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Monday, Aug. 31st 2020


In our work, we see social media impact students in profound ways. We have seen posts to Facebook that request general study tips result in a student’s dismissal for academic dishonesty; we have seen Snapchat messages used as critical evidence in Title IX matters; and most recently, we have seen a student have his college admission rescinded due in part to social media posts he created.

While it is widely known that a “clean” social media presence is important when one is seeking employment, a lesser-known fact is that social media posts can affect college admissions, or can result in suspensions or dismissals once a student has matriculated. We see that colleges and universities, like employers, care about more than a student or applicant’s GPA, ACT, and SAT scores. Colleges and universities want to know that individuals who are accepted and matriculate represent the institution well in all matters, including in how they interact with others on social media.

We have seen in our practice that social media history from years before a student even applied to a college or university can cause the institution to reconsider an applicant or even rescind an offer of admission once brought to the institution’s attention. It is important for college and university applicants to note that some college applications and admission materials contain clauses that require a student to maintain the college or university’s standards between an offer of admission and a student’s matriculation to a college or university.

Even after accepting an offer of admission, students should carefully consider what they post on social media. Certain social media history and content may cause an applicant to be considered to have lied or omitted certain facts on their application. We have also seen investigations into applicants, prompted by social media history and posts brought to a university’s attention by a third party, which result in the discovery of information omitted from a student’s application. Colleges and universities often consider such omissions grounds for rescinding admission.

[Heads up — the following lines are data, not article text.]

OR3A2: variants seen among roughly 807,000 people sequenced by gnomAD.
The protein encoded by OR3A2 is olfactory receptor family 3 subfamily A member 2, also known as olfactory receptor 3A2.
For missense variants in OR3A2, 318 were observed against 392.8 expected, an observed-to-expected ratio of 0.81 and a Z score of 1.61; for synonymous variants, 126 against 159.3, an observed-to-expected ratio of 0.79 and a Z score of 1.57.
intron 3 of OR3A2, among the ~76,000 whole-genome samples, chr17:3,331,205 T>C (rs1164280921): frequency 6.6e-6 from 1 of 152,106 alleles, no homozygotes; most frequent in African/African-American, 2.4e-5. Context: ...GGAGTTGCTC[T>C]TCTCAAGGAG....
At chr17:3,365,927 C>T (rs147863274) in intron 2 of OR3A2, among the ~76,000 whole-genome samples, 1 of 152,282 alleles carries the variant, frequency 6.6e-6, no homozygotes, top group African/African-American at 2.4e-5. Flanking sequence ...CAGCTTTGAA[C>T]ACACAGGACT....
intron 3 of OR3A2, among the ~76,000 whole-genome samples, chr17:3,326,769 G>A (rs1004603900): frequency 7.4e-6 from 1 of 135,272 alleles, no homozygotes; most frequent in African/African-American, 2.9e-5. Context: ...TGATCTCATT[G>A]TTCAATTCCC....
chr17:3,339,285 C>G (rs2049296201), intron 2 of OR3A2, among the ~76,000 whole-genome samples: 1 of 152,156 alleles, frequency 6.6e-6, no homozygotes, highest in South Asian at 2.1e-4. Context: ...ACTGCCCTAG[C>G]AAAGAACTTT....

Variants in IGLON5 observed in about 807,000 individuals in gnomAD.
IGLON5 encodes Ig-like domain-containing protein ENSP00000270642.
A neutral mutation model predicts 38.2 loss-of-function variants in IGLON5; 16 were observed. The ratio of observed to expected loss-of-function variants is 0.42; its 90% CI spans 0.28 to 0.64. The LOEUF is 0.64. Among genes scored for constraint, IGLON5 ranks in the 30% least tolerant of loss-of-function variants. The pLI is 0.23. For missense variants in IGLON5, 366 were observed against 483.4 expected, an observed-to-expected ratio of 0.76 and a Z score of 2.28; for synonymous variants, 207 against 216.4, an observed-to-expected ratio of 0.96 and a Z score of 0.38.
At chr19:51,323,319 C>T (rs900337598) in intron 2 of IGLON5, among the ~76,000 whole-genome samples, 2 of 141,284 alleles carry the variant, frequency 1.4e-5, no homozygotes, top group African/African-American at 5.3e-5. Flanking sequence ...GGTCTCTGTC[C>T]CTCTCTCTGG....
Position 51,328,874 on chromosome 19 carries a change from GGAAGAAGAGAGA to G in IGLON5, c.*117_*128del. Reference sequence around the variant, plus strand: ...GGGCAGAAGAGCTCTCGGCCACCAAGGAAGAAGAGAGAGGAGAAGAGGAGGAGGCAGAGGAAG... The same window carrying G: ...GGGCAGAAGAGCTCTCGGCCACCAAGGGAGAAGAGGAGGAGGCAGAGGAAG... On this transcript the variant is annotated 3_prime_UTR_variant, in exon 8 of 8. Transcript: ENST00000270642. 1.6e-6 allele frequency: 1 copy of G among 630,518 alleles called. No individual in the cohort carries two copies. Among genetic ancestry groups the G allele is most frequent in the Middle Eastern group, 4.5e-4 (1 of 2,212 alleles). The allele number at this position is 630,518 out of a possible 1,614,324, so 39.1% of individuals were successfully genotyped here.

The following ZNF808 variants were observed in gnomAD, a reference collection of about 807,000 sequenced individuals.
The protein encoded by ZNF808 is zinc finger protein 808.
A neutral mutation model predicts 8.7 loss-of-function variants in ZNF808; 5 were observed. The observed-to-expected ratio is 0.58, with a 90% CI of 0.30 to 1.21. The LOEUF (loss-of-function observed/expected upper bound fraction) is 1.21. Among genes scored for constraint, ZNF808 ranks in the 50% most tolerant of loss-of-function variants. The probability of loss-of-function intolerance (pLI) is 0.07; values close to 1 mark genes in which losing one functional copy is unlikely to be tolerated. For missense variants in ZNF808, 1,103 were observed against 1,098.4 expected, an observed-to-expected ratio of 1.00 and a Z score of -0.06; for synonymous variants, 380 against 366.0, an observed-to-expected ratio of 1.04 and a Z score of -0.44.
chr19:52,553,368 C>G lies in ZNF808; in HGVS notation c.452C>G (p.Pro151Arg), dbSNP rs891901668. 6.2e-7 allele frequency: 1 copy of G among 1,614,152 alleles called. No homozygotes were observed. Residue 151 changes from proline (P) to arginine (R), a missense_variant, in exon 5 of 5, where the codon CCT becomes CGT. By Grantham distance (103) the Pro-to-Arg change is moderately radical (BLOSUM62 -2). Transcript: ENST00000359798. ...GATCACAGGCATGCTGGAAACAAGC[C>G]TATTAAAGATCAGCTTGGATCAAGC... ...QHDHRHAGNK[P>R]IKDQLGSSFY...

Federal courts in the United States have held in favor of schools rescinding offers of admission when omissions or falsehoods are discovered. It is therefore incredibly important for admitted students and applicants to be candid in their applications, and not to prompt any reexamination of their application by posting to social media that which they would not want a college or university to see.

A student rights lawyer can help you understand your First Amendment rights and protections, which vary depending on whether you are a student of a public or private institution. Generally, students have greater First Amendment protections at public institutions, but even public colleges and universities can consider students’ social media activity to be a violation of their student codes of conduct and professionalism, thereby creating grounds for dismissal, suspension, rescinded admission, or other sanctions.

The First Amendment protects your right to speak on matters of public concern, not to post inappropriate messages such as those related to sexual misconduct or violence. Private colleges and universities have more discretion over whether they deny admission, rescind admission, dismiss or otherwise sanction an applicant or student for speech engaged in on social media. A student rights lawyer can still help a student to understand their contractual rights with regard to their admission or matriculation to a private college or university.

For assistance in understanding your rights if you are being investigated or have been disciplined for your activity on social media, you may request a free initial consultation:

Clifford Cohen (cac@studentrightslawyers.com) or 785.979.7361

Andrew Duncan (ad@studentrightslawyers.com) or 785.979.7361

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